Bo'ness United

The heart of the community

Football club takes its place back at the heart of the community

The Chair of a football club has spoken of his joy at being able to open and give something back to the local community as sports clubs across the country welcomed back children and young people for organised outdoor sport this week.

As part of the Scottish Government’s route map through and out of the COVID-19 pandemic, restrictions were eased on Monday (July 13th) to permit outdoor contact sport for children and young people up to the age of 17, subject to public health guidance.

Although it has not been a return to sport as we know it, this is the first step towards the return to sport for children and young people, with training permitted but matches and competitions yet to return.

Safety measures

Sports organisations that have opened their doors again have had to operate as per the guidance produced by their Scottish Governing Body of Sport. Measures such as an appointed Covid co-ordinator, strict hygiene protocols and the ability to contact trace participants had to be in place. For young people aged 12-17 physical distancing is only suspended while the sporting activity takes places, distancing guidance should be observed at all other times.

One club able to implement those measures on Monday was Bo’ness United Community Football Club. It is a club that prides itself on its place at the heart of the community, with 266 players across 15 different age groups.

During lockdown the club did all it could to help. Fees were suspended, the club’s fundraising group did collections for the local food bank, delivered essentials to local hospitals and worked with Barnardo’s to provide families with footballs and footwear.

Players and volunteers kept in regular contact through social media and various club challenges and video calls took place with parents, so they knew what to expect when training was able to resume.

Club Chair, Peter Hay, admits it was a huge relief to see the players back on the pitch after four months out of action.

He said: “Everybody was desperate to get back. The kids took all the distancing and hygiene protocols in their stride, it was like they were never away. It’s been tough for the kids.

“Football gives them so much socially, so many basic skills that everyone needs, on top of the physical and mental health benefits.

"To have that taken away at a time when they weren’t at school or able to see their friends and family, it was difficult for them.

“We’re quite fortunate that in Bo’ness there’s a bit of a village mentality, everyone pulls together. Community spirit is huge for us, our ethos is to build a belonging and making sure our roots are in the local community. As soon as lockdown started our idea wasn’t to stamp our feet to get back sooner, it was to plan what we could in line with the guidance to make sure everyone was as safe as possible when we did come back. That’s not to say it’s been easy, but the Scottish FA have been a great help.”

A package of measures was announced by sportscotland at the start of May to help support the sporting system during the Coronavirus (COVID-19) crisis. The investment, jointly funded by the Scottish Government and The National Lottery, provided Scottish Governing Bodies of Sport and local partners across the system with £16.4m in April/May while targets and outcomes attached to funding were relaxed.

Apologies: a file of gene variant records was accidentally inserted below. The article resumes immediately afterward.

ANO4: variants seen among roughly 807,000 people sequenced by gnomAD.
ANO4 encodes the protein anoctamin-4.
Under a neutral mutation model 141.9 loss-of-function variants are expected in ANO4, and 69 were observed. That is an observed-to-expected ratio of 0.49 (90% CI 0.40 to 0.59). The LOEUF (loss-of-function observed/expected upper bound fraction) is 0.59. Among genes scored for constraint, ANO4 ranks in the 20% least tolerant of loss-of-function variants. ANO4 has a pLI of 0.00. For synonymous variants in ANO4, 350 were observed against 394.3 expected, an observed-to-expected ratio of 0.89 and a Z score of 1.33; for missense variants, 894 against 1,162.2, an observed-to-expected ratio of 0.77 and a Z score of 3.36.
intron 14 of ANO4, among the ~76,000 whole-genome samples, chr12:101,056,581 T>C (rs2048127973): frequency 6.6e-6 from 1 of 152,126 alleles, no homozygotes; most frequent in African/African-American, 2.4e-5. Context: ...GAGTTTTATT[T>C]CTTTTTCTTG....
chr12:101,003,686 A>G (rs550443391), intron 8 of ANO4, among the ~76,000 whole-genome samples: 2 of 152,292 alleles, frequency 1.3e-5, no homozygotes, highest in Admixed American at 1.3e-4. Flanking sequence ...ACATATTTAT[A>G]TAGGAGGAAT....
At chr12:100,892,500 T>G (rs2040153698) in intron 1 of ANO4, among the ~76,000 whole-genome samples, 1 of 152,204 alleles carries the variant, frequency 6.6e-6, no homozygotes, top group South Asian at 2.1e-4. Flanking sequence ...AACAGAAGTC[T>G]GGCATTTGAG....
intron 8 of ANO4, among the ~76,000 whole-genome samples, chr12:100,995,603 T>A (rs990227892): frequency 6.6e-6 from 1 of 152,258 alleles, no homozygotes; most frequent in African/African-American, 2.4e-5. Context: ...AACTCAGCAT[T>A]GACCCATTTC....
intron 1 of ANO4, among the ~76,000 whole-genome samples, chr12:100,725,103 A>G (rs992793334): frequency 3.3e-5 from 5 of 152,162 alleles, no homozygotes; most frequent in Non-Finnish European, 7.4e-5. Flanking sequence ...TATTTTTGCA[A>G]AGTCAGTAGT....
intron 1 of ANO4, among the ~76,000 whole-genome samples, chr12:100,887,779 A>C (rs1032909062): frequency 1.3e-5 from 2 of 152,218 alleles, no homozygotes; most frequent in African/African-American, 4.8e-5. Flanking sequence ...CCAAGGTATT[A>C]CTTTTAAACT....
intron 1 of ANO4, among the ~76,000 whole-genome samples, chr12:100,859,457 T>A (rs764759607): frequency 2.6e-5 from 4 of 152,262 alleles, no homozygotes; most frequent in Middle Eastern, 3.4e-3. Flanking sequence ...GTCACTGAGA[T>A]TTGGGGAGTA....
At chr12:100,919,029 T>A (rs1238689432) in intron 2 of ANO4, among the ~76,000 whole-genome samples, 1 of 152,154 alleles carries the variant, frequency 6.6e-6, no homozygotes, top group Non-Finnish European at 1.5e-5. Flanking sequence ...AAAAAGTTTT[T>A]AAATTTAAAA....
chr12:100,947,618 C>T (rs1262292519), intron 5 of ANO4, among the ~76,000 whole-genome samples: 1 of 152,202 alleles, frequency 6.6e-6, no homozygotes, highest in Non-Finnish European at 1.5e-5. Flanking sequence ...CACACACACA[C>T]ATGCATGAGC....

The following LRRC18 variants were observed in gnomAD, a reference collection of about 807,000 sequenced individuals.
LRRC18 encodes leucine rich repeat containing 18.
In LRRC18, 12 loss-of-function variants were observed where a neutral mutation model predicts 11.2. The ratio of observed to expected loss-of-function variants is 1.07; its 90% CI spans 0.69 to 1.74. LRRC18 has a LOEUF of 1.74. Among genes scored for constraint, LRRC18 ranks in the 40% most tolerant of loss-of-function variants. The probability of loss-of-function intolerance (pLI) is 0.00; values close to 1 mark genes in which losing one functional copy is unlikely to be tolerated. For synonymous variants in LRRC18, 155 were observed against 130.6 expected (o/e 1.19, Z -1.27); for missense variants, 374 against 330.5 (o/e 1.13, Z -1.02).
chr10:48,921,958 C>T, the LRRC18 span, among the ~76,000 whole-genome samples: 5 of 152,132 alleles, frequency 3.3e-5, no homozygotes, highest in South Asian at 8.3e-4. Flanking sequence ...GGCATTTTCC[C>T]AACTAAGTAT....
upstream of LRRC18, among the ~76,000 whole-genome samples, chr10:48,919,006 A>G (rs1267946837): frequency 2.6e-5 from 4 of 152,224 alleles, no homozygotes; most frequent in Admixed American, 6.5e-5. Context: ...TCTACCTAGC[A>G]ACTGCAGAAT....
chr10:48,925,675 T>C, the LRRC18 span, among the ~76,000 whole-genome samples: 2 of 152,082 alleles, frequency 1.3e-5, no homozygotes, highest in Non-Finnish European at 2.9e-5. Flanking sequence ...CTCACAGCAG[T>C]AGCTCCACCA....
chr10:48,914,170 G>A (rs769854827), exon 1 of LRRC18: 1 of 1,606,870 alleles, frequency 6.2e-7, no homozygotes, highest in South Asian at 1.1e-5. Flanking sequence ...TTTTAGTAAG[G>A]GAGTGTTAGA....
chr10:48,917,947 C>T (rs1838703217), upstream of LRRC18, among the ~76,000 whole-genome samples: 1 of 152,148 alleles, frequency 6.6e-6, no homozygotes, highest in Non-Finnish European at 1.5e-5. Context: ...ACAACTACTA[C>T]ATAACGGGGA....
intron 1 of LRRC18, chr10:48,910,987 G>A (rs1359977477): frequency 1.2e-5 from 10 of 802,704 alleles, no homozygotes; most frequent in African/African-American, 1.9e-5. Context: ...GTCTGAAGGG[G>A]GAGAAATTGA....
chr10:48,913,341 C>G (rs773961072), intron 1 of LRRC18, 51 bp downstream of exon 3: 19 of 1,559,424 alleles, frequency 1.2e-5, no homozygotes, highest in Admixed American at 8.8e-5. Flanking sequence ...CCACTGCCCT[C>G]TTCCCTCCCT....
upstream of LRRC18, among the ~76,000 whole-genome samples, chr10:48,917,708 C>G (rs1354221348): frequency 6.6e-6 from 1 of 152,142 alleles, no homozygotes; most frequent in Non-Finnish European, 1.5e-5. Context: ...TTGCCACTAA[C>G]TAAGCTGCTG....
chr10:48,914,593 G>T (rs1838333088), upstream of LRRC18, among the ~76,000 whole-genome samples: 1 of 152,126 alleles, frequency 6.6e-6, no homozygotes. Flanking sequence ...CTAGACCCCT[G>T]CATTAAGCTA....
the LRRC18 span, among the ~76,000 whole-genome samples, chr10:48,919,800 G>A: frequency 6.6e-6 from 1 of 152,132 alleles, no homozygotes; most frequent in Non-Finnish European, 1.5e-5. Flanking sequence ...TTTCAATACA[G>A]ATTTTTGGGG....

Scottish Government National Clinical Director Jason Leitch said:

“Being physically active is obviously important for our physical health but it’s great for mental well health too.

"It’s great to see young people back enjoying being able to see their friends again and participate in sport, which helps them to build strong muscles and bones, while maintaining a healthy weight.

“Our national physical activity guidelines suggest that children and young people stay active for an average of at least 60 minutes per day. Unfortunately the necessary lockdown restrictions made that very difficult for some children, so I hope that they can now unlock all the benefits that this latest development brings.”

Stewart Harris, Chief Executive of sportscotland: “It is another positive step for sport that public health guidelines have been extended further as part of the Scottish Government’s route map through the pandemic.

“Lockdown has been extremely difficult for us all, but it is great that children and young people who have been unable to go to school or see friends and family can now enjoy organised sport outdoors.

"While this is good news, it is not a return to sport as we know it and the most pressing priority remains public health and wellbeing. It is crucial that participants, and everyone connected with sport in Scotland, continue to adhere to the latest government guidance and the advice issued by the governing body of each sport.”

Andy Gould, Scottish FA Head of Football Development:

“The move in to Phase Three and the gradual return for football has been a hugely positive step for hundreds of thousands of people all across Scotland.

"We would firstly like to thank clubs, coaches and players at all levels of the game for their patience, understanding and support during what has been a challenging period.

“We find ourselves at a critical point as football returns in the form of eased restrictions around training. We continue to ask everyone involved in the game to keep following our guidelines as we strive to move to the next phase of the return for football.”

Find out more

Phase 3 guidance on the return to sport and physical activity

Scottish FA Return to Football hub

All the latest advice and guidance for sport

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